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“Dear makers, freelancers: don’t hide behind your creations. Your greatest strength is the passion that made you leave your job to work on what you love.”
Anne-Laure (a.k.a. @anthilemon) is an exceptional indie maker. In 2017, she left Google to create Ness Labs, a multidisciplinary studio focused on creativity and mental well-being. She lives in London and is studying at King’s College to obtain her MSc in Neuroscience. I am very fond of her new newsletter Maker Mind, which is a real gold mine for freelancers and makers. I’ve also been following her (hyper?) activity on Twitter or Product Hunt for a few years now. I had a lot of questions for her and I was looking forward to this first interview!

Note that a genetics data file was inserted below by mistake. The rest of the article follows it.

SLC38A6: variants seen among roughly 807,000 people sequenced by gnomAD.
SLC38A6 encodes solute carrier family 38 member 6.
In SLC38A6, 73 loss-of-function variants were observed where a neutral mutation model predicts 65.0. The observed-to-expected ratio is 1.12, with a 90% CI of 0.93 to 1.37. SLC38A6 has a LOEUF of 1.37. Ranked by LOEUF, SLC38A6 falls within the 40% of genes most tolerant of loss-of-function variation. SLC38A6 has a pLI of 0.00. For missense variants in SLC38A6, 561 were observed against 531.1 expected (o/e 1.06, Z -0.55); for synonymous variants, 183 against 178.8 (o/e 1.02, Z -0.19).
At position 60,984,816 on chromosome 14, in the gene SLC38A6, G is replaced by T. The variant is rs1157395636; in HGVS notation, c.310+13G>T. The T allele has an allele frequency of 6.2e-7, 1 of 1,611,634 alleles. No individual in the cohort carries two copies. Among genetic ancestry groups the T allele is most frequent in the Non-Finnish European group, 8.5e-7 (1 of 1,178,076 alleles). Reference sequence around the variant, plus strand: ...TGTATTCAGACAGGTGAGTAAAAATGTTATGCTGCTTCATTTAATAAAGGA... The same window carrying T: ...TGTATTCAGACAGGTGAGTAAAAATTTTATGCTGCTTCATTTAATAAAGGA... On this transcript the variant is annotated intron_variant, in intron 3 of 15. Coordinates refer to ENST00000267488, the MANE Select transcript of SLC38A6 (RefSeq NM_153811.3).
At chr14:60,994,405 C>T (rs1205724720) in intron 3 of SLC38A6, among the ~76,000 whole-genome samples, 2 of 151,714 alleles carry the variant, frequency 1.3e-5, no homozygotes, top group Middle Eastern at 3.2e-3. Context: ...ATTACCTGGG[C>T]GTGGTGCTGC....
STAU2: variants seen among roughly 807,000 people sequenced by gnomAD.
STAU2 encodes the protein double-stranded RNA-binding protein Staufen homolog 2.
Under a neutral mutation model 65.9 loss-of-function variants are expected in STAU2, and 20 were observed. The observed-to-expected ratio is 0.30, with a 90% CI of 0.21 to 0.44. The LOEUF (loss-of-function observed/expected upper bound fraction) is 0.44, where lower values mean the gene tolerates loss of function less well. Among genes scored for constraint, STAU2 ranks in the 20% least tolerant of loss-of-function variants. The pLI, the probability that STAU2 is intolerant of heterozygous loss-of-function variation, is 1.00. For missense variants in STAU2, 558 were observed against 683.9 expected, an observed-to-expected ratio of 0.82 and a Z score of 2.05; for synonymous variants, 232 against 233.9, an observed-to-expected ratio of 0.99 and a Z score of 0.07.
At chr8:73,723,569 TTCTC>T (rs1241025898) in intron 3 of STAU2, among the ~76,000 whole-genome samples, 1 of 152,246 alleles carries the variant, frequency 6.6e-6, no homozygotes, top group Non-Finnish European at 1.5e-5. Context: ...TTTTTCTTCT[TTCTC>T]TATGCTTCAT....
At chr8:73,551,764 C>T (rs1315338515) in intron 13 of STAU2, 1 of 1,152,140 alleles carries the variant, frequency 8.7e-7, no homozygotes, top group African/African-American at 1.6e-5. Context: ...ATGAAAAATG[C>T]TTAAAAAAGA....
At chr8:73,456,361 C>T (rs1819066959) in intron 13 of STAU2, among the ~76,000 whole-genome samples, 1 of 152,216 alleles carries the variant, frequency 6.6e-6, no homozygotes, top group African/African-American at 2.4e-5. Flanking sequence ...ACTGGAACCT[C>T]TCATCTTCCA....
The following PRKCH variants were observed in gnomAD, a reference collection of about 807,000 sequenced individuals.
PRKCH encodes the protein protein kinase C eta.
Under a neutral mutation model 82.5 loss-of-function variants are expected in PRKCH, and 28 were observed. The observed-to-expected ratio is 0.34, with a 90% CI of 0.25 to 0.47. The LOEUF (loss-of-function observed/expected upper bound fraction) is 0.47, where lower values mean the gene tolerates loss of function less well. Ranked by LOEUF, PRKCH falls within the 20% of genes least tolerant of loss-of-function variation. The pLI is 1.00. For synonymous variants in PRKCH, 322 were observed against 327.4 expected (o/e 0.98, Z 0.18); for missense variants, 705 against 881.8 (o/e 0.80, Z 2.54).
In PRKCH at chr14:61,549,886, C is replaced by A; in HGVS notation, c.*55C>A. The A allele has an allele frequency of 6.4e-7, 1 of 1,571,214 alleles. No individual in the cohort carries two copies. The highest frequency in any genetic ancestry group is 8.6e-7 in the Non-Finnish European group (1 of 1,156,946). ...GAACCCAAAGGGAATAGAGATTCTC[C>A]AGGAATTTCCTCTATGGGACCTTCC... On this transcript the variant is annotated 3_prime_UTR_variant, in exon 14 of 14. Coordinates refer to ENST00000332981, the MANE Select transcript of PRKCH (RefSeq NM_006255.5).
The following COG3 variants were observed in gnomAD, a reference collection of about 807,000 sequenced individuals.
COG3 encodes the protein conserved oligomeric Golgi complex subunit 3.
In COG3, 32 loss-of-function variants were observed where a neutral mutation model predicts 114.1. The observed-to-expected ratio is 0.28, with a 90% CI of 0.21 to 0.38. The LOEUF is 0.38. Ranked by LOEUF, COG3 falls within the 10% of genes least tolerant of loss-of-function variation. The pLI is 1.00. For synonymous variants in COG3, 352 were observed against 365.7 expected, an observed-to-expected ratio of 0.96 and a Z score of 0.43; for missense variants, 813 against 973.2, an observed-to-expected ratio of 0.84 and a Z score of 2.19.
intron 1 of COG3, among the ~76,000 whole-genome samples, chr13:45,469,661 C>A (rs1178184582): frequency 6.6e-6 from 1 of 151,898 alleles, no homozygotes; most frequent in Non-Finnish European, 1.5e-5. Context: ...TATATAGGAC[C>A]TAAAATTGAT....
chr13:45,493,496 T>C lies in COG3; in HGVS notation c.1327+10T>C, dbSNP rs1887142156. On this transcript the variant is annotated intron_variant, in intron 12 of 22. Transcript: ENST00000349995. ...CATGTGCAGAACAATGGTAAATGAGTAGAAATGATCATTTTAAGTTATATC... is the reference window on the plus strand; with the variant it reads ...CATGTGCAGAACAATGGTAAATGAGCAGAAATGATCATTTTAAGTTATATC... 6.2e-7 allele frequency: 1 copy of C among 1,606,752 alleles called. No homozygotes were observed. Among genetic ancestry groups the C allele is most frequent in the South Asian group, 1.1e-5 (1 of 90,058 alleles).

Hello Anne-Laure and thank you very much for accepting the invitation! I’m very curious to know more about your business. You describe yourself as an “indie maker”. I would have liked to know what difference you make between this term and “freelancer”?
For me, a freelancer provides a service to a customer. Being an indie maker means building your own product. But in practice, it is quite common to do both. For example, some freelancers become indie makers to automate their activity or solve a recurring problem encountered by their customers.
So you consider indie makers as a kind of evolution of freelancing?
Not necessarily. Indie makers share a common culture and philosophy, which are far from being incompatible with the codes of freelancing. I know a couple of nomadic makers who freelance half the year, then spend six whole months developing their product. Their goal is to reduce the number of months of freelancing over the years to be able to make a living from their project.